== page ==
What I thought about: [Un]Well

Bee sting therapy? Ingesting essential oils? Drinking breast milk? Water-only fasting? Sorry, hold up a minute, BEE STING THERAPY?! Alternative medicine – if it can be called medicine – is a booming industry. This series takes a look at some of the weirdest practices and see if any of them actually work.

Listen carefully while I make up some nonsense about what these oils can cure, and neglect to recommend that you speak to a doctor first..

What’s it about?
Each episode focuses on a different type of alternative medicine: essential oils, tantric sex, breast milk, fasting, ayahuasca, and bee venom. So yeah, some of these are pretty weird.

We hear from a number of people in respect of each treatment: desperate people who are looking for a cure to their ailments, the manufacturers / sellers / practitioners of the therapies, scientists who are vehemently opposed to the notion that any of them can be effective, and some scientists or doctors who, with a dose of caution, suggest there could in fact be some benefits.

I’ll answer some of your questions in advance. Yes, the bee dies after you get stung. No, you should probably not ingest essential oils. 99% is the percentage of Forever Living associates, who sell essential oils in an MLM scheme, who make only one dollar in commission. No, I did not watch the tantric sex episode.

What do I like about it?
It seems pretty balanced. I’m very sceptical of alternative therapies – and can you really blame me when some of them are distributed by literal pyramid schemes, that enrich the founder? Or when they’re peddled by a man who claims ‘we’re just as real as anyone else’ but then, in the same scene, looks at the camera with an incredibly creepy face and says ‘we consider ourselves a for-profit ministry’. This is essential oils we are talking about here!

But each episode provides anecdotal evidence from people who claim the therapy worked for them, as well as the journey of someone who hopes it will work for them (a chronic Lyme-disease sufferer heard that bee stings can cure her, and is desperate for a solution). It also balances this with studies and the views of medical professionals, some of whom outright deny the treatment’s efficacy (and/or warn about its risks) and some who try to explain a possible way in which the treatment may produce some kind of effect. I like these parts – if something unconventional actually works, I want to know why, and they can offer a bit of that.

What do I not like about it?
Nothing really, each episode is well done.

Worth a watch?
As long as you don’t hold me responsible for trying any of these things (in fact I suggest you DO NOT try any of these) then go right ahead, it’s interesting!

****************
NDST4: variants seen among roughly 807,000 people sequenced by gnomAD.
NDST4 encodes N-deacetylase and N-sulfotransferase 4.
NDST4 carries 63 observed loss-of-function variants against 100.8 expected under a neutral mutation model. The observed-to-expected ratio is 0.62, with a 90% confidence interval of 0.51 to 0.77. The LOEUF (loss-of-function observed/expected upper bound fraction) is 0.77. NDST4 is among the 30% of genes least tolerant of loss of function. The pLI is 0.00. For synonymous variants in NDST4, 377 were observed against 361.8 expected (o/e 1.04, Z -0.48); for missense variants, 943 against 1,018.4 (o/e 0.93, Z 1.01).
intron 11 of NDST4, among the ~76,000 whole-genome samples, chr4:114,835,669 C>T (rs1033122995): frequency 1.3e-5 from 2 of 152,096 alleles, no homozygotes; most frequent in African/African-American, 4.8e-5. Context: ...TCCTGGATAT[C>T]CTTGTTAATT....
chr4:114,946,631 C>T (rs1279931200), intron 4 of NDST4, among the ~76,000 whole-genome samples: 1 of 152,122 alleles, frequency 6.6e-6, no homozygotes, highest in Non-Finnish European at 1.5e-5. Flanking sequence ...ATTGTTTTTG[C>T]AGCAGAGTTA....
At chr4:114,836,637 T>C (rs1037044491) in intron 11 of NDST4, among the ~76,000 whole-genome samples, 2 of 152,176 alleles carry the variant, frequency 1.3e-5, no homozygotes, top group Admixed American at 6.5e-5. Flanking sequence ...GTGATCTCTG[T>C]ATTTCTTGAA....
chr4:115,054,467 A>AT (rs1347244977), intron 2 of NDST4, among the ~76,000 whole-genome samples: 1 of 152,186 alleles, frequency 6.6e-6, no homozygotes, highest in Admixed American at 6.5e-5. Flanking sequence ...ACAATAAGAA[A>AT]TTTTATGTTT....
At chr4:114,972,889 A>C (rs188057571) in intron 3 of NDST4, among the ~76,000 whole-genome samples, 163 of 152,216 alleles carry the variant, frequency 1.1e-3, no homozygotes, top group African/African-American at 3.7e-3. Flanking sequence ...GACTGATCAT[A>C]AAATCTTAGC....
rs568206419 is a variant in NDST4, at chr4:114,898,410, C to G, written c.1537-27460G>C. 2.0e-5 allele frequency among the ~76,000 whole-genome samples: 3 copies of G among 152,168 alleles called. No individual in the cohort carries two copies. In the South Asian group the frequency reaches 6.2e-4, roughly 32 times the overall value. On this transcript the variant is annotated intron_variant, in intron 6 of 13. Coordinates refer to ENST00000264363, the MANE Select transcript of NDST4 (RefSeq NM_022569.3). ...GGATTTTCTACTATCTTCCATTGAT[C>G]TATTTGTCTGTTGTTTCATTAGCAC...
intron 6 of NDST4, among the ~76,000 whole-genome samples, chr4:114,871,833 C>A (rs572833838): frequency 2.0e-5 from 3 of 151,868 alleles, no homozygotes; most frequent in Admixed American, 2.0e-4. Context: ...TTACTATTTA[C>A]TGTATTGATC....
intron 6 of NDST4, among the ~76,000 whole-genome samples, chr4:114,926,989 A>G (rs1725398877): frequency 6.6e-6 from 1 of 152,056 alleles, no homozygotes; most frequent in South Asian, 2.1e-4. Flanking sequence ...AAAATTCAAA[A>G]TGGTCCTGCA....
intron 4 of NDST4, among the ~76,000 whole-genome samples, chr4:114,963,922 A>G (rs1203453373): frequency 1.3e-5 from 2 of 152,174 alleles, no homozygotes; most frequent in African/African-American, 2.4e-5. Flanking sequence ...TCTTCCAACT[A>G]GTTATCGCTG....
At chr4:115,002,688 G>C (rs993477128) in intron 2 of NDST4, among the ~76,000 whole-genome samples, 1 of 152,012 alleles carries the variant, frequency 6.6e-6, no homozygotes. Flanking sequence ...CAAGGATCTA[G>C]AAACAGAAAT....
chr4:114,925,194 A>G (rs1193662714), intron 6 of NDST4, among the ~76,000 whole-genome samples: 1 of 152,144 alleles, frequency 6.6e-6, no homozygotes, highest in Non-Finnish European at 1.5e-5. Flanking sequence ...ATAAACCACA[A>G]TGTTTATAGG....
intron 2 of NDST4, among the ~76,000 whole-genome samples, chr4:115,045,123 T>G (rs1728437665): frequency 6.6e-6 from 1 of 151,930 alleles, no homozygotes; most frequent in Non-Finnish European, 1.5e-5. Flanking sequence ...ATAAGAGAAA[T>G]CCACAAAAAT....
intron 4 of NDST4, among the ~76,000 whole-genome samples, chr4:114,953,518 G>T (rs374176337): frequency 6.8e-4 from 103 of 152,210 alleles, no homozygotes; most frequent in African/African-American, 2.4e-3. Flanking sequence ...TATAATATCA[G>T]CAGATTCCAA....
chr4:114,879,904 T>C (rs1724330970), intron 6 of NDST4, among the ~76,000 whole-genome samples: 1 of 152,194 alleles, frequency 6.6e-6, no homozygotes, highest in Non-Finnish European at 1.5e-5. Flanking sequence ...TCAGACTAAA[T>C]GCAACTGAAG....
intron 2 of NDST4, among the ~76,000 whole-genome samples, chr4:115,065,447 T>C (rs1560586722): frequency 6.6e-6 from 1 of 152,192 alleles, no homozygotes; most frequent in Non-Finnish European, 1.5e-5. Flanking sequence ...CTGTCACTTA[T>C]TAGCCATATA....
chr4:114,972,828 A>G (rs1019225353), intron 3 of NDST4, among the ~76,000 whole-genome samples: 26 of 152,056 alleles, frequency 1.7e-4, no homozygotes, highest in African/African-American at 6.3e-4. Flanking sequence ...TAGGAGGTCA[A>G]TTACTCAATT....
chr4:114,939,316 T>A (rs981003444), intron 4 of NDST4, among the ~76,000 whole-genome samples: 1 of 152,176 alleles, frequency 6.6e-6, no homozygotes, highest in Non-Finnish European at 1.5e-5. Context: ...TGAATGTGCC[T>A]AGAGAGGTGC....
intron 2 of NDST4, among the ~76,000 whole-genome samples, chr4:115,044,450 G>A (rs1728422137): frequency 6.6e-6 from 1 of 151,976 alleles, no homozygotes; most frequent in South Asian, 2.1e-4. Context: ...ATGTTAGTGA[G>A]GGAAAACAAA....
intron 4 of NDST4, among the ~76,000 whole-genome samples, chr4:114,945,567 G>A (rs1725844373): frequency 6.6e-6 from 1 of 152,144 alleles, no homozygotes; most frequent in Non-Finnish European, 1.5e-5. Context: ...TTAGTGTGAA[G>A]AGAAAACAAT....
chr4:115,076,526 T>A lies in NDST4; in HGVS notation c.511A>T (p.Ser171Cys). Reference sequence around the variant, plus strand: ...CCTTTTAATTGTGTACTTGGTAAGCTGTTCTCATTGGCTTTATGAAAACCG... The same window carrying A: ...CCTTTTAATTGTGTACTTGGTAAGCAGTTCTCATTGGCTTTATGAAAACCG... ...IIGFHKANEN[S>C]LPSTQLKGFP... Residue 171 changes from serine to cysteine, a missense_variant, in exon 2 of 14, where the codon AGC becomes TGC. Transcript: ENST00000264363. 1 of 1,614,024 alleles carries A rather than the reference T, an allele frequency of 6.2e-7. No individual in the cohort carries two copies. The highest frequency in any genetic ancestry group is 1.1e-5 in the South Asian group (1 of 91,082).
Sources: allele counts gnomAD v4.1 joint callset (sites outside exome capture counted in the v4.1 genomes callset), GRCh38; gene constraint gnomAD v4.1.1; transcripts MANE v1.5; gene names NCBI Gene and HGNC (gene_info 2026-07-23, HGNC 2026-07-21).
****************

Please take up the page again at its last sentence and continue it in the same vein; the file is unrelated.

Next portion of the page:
By the way…

  • Of course most of the people discovered this medicine on Facebook groups. Please do yourself a favour and delete Facebook before it’s too late.
  • BEE STING THERAPY?!

486w

What I thought about: The Business of Drugs

Did you know one of the world’s largest producers of meth is Myanmar? Me neither. This docuseries, focused on the economics of drug dealing, shines a light on supply chains you never knew existed, and for that reason is a recommended watch.

Fox looks on at a display of force from a Myanmar militia – who might be funded by the drugs trade

What’s it about?
Amaryllis Fox is an ex-CIA analyst who used to work in counterterrorism. In other words, she’s been around. Fox takes us through a different type of drug in every episode, complete with a series of voice-overs, visits to drug trafficking hotspots, and interviews with experts (both the scientific kind and the… drug trafficking kind).

You’ll learn a lot about the economics of the drugs trade for Cocaine, Synthetics, Heroin, Meth, and Cannabis. There’s also a bonus episode on the opioid epidemic that the USA is still suffering the effects of. It’s not all numbers, though – you’ll be faced with the harsh reality of what pushes drug mules to risk their freedom – or even their lives – in pursuit of a slightly better pay packet. In other words, they’re also victims.

What do I like about it?
It’s a fresh take on the usual documentaries we see on drug abuse, although there’s enough of the ‘traditional’ drug documentary coverage to keep things interesting and well-aligned.

I particularly liked the Cannabis episode which explored why the legalisation of cannabis in California hasn’t managed to significantly reduce illegal sales of the drug – which still command 80% of the market. Although I’m generally an advocate of decriminalisation, it obviously has to ‘work’ to increase safety, reduce organised crime, and maybe benefit the public purse a bit. California is, it seems, an example of what not to do.

What do I not like about it?
The production values in this series are a teeny bit lacking. On-screen graphics appear somewhat inconsistently, and some of the filming seems a bit hap-hazard. Mind you, it’s not enough to distract you entirely.

Oh no, what’s far more distracting is the significant change in appearance between the version of Fox appearing in all the studio-lit interviews (a post-filming retelling that fills in some of the gaps and links between scenes) and the version of her in the rest of each episode where she’s interviewing someone or travelling to a particular area. It seems silly when you realise it, but it took me a hot minute to work out that they were the same person!

Worth a watch?
If you’re at all interesting in learning a little behind-the-scenes of the drug trade, there are some genuinely insightful pieces in this show. I’d recommend it.

By the way…

  • Fox joined the CIA when she was just in college. Her memoirs are available as a book, Life Undercover: Coming of Age in the CIA
  • Wait, this also relates to the above… Fox’s memoirs are being turned into an Apple TV+ drama series. Get hyped!

493w